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This is the House that Jack Built

Organized by: Jackie Holman Haas

Jackie's Photo
Jackie's Photo
Jackie's Photo
Jackie's Photo
Jackie's Photo
Jackie's Photo
Jackie's Photo
Jackie's Photo
Jackie's Photo
Jackie's Photo
Jackie's Photo
Jackie's Photo

THE STORY:

My father always had a dream to build his own house with his own two hands.  20 yrs ago he started to build that dream home, 15 yrs ago his health failed, and the construction slowly stopped...
After the death of my brother my father felt no need to stay in TX anymore and moved back to our home state of MI. He secured a job and was on the hunt for the perfect piece of land to build upon. He found it, nestled way back in the woods, behind two other properties, was 10 acres of rolling hills, thick with trees and a mini field. My father, Jack, purchased a pop-up camper and moved in and on to his new land.
Jack would go to work every day, come “home” and start construction. He built the garage first. Brick by brick, day by day, he alone finished the first building. After one long year living in the camper, even through Michigan’s brutal winters, he moved into the garage. There was not enough money to pour a concrete floor before he moved in. The camper would not hold up another year and winter was closing in so, he had no choice, he didn’t much care honestly. With his four walls and a roof over his head he was content even with no electricity or running water.
When spring came Jack was able to break ground for the foundation of his dream home.
He made his plans to build his house to be as efficient and environmentally friendly as possible. Building into the side of a hill will help insulate the house, doors were set facing the prevailing winds for ventilation and windows set east and west to warm it in the winter. He built a fireplace that would not only heat that room but the entire house through pipes running through it and underneath the flooring for radiant heat.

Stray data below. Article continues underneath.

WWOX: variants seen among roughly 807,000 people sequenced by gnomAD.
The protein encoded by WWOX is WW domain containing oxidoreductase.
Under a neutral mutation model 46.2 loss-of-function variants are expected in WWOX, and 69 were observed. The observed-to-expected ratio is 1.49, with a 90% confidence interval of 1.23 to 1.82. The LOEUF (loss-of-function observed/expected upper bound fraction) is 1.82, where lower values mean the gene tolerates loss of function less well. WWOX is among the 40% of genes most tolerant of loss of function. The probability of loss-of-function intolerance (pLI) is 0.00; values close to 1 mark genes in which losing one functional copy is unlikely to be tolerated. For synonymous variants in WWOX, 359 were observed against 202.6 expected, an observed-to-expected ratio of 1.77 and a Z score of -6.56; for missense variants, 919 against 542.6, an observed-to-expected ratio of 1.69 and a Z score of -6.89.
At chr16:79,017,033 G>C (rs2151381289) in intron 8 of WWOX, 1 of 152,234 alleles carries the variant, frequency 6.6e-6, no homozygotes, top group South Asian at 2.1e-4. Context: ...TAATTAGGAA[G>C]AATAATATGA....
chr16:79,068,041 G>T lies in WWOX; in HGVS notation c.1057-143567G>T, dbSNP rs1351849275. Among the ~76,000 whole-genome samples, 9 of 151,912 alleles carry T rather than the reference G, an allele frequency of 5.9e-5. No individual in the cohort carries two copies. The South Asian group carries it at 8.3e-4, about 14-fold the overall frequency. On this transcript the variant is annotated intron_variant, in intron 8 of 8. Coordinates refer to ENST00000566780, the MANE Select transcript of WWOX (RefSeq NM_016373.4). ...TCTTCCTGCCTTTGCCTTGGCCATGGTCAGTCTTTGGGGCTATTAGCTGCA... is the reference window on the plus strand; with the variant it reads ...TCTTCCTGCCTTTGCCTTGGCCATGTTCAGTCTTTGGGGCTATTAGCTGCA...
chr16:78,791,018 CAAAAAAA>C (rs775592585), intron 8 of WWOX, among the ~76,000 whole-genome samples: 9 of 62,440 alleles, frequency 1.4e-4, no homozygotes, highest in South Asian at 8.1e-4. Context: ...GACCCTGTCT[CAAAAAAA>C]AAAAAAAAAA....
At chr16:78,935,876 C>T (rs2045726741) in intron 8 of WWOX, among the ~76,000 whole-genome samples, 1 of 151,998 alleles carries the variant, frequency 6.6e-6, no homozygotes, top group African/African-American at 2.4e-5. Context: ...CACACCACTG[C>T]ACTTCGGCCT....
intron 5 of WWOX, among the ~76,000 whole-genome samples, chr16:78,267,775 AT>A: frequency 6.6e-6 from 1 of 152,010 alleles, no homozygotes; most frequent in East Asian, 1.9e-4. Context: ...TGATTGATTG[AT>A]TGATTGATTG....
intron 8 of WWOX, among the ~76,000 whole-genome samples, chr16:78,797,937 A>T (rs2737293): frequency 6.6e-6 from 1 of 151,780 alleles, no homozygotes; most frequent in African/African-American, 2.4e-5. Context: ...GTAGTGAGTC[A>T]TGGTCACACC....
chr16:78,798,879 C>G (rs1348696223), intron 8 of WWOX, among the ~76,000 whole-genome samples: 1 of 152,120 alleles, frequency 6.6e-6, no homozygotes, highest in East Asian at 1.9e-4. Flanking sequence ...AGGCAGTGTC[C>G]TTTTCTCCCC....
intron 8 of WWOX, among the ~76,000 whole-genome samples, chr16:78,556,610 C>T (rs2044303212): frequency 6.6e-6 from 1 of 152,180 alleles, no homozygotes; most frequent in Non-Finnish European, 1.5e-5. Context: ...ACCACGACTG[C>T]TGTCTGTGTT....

Jack was a supervisor at a glass factory which came in very handy in building his home. Glass panels that were cut wrong or had minor flaws in them would normally be tossed away. Jack saw this as an opportunity to save money. He would fashion a frame out of wood for them and use them to make both small and large designs.
Doing all of this work by himself and after he already worked a full day at his job, progress was slow. Years were going by and there was still so much to be done. He would start one project and get bored with it and move on to another before the first was complete. Of course thinking, “I have the rest of my life to finish it”. He was wrong.
When I was little I barely remember my dad having back surgery. I remember looking at the line of stitches running down his back thinking it looked like Frankenstein. My faded memory was about to come back with frightening vengeance. My dad ignored his back pain for so long he was almost paralyzed! The doctors told him that if he had let it go a few more weeks the damage would have been irreversible. They took bone from his hip to repair disks in his neck, several herniated disks and bone spurs from C3-L5, along with several other maladies. After 12 long weeks of recovery he was slowly back to building again.
A few more years go by and he can now retire and devote all of his time to his dream home. Then my mother moves in, her dog and all of her stuff (a lot of stuff!). Work slows to a trickle now. Jacks time is now spent taking care of my mother as her health is declining quickly. His money is now going to help her instead of the unfinished house in which they both live now. Don’t misunderstand, there is running water and electricity unlike the garage. Jack was able to get most of the sheet rock up within the home and most of the flooring. My mother absolutely refused to move in with me or into a home. She was staying right there. She did too, until the day she died, 4 yrs ago in her sleep.